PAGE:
(Reuters) – Microsoft (MSFT.O) will pay legal damages on behalf of customers using its artificial intelligence (AI) products if they are sued for copyright infringement for the output generated by such systems, the company said on Thursday.
Microsoft will assume responsibility for the potential legal risks arising out of any claims raised by third parties so long as the company’s customers use “the guardrails and content filters” built into its products, the company said. It offers functionality meant to reduce the likelihood that the AI returns infringing content.
With the proliferation of generative AI – computer programs capable of generating text, images, sounds, other data – users have raised concerns over the technology’s ability to generate content without referencing it to its original authors.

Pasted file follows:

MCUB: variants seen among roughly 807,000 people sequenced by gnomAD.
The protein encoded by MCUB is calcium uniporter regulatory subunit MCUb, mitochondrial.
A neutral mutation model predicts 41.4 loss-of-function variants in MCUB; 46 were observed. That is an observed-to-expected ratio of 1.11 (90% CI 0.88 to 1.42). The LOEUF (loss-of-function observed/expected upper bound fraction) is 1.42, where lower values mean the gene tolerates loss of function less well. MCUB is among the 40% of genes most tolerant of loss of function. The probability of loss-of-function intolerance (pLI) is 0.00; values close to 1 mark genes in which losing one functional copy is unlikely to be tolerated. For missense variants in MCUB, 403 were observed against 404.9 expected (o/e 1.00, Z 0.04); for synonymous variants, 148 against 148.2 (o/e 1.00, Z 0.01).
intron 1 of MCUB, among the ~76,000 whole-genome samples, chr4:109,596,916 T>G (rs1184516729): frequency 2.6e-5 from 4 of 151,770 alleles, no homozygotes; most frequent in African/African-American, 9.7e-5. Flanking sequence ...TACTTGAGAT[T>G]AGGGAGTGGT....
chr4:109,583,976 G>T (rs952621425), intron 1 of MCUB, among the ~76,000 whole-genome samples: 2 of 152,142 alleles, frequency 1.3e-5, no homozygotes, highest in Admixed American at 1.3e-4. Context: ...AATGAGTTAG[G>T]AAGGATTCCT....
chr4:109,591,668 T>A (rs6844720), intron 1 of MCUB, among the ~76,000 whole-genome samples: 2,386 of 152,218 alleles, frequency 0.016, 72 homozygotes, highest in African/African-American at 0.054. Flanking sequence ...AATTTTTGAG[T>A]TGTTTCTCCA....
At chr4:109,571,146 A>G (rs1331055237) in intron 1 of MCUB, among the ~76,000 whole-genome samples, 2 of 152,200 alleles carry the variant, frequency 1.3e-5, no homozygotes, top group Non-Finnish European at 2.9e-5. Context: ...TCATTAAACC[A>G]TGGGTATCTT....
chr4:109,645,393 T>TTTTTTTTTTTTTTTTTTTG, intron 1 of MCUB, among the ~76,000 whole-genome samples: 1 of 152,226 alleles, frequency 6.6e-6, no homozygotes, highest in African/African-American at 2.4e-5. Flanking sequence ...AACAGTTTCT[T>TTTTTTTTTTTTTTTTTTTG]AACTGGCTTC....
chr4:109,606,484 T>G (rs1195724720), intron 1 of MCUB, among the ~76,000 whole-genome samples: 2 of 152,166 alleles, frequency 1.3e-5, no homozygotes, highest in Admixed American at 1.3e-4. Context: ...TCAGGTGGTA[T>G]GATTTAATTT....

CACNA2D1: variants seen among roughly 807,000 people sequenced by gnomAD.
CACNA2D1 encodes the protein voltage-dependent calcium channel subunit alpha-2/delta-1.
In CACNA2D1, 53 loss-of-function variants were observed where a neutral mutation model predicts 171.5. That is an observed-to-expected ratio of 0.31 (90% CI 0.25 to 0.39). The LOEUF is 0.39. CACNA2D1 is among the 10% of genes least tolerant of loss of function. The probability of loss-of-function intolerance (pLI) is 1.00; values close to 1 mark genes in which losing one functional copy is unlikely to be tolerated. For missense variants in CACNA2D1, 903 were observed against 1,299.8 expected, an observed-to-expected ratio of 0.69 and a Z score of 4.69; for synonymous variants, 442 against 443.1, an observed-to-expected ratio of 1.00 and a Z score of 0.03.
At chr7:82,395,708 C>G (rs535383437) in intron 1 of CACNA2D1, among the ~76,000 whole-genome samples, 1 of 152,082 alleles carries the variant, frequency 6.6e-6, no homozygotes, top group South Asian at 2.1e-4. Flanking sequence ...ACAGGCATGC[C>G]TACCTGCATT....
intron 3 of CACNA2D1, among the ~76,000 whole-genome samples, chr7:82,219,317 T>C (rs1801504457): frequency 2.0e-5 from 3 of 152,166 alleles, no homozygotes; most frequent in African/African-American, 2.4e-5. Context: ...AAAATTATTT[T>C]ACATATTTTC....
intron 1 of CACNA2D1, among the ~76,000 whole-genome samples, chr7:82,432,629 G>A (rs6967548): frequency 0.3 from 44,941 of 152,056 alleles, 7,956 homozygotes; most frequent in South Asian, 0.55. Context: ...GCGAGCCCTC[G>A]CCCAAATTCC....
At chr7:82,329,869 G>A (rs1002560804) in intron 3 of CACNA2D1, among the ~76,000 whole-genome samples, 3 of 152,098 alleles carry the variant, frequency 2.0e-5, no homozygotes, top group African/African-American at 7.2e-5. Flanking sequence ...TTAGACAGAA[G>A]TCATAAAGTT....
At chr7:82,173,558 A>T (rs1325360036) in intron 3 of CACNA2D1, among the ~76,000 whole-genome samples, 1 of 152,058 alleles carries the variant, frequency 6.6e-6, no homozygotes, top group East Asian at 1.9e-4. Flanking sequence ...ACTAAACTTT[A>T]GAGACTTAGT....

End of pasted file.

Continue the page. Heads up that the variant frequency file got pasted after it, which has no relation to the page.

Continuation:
Microsoft is stacking its growth on GenAI, building on its investment in ChatGPT-maker OpenAI, and has incorporated the technology in a wide array of its products, including cloud services, Search and enterprise productivity software.
The company’s Copilot Copyright Commitment extends Microsoft’s existing intellectual property indemnification coverage to copyright claims relating to the use of its AI-powered assistants called Copilots and Bing Chat Enterprise.